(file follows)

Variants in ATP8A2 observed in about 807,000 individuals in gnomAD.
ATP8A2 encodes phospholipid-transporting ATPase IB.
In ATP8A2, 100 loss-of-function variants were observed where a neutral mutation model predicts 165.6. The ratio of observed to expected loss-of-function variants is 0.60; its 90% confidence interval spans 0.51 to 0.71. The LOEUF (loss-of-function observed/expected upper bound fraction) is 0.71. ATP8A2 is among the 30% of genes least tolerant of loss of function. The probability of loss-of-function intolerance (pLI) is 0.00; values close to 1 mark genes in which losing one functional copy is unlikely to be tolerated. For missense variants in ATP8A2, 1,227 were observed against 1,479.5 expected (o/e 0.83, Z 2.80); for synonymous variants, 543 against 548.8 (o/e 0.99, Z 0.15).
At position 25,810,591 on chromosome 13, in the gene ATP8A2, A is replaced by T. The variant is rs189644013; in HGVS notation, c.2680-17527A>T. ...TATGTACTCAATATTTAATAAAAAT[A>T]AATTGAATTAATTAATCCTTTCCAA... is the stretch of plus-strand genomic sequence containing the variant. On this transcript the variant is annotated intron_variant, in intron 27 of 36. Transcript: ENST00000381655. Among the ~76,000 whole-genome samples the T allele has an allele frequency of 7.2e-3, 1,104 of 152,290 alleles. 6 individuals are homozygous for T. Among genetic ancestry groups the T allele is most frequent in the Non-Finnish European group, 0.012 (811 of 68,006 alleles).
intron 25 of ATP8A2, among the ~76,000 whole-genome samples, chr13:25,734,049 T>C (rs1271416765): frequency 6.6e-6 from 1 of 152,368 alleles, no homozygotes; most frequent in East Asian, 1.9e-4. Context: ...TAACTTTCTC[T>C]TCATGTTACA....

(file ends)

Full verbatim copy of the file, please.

Variants in ATP8A2 observed in about 807,000 individuals in gnomAD.
ATP8A2 encodes phospholipid-transporting ATPase IB.
In ATP8A2, 100 loss-of-function variants were observed where a neutral mutation model predicts 165.6. The ratio of observed to expected loss-of-function variants is 0.60; its 90% confidence interval spans 0.51 to 0.71. The LOEUF (loss-of-function observed/expected upper bound fraction) is 0.71. ATP8A2 is among the 30% of genes least tolerant of loss of function. The probability of loss-of-function intolerance (pLI) is 0.00; values close to 1 mark genes in which losing one functional copy is unlikely to be tolerated. For missense variants in ATP8A2, 1,227 were observed against 1,479.5 expected (o/e 0.83, Z 2.80); for synonymous variants, 543 against 548.8 (o/e 0.99, Z 0.15).
At position 25,810,591 on chromosome 13, in the gene ATP8A2, A is replaced by T. The variant is rs189644013; in HGVS notation, c.2680-17527A>T. ...TATGTACTCAATATTTAATAAAAAT[A>T]AATTGAATTAATTAATCCTTTCCAA... is the stretch of plus-strand genomic sequence containing the variant. On this transcript the variant is annotated intron_variant, in intron 27 of 36. Transcript: ENST00000381655. Among the ~76,000 whole-genome samples the T allele has an allele frequency of 7.2e-3, 1,104 of 152,290 alleles. 6 individuals are homozygous for T. Among genetic ancestry groups the T allele is most frequent in the Non-Finnish European group, 0.012 (811 of 68,006 alleles).
intron 25 of ATP8A2, among the ~76,000 whole-genome samples, chr13:25,734,049 T>C (rs1271416765): frequency 6.6e-6 from 1 of 152,368 alleles, no homozygotes; most frequent in East Asian, 1.9e-4. Context: ...TAACTTTCTC[T>C]TCATGTTACA....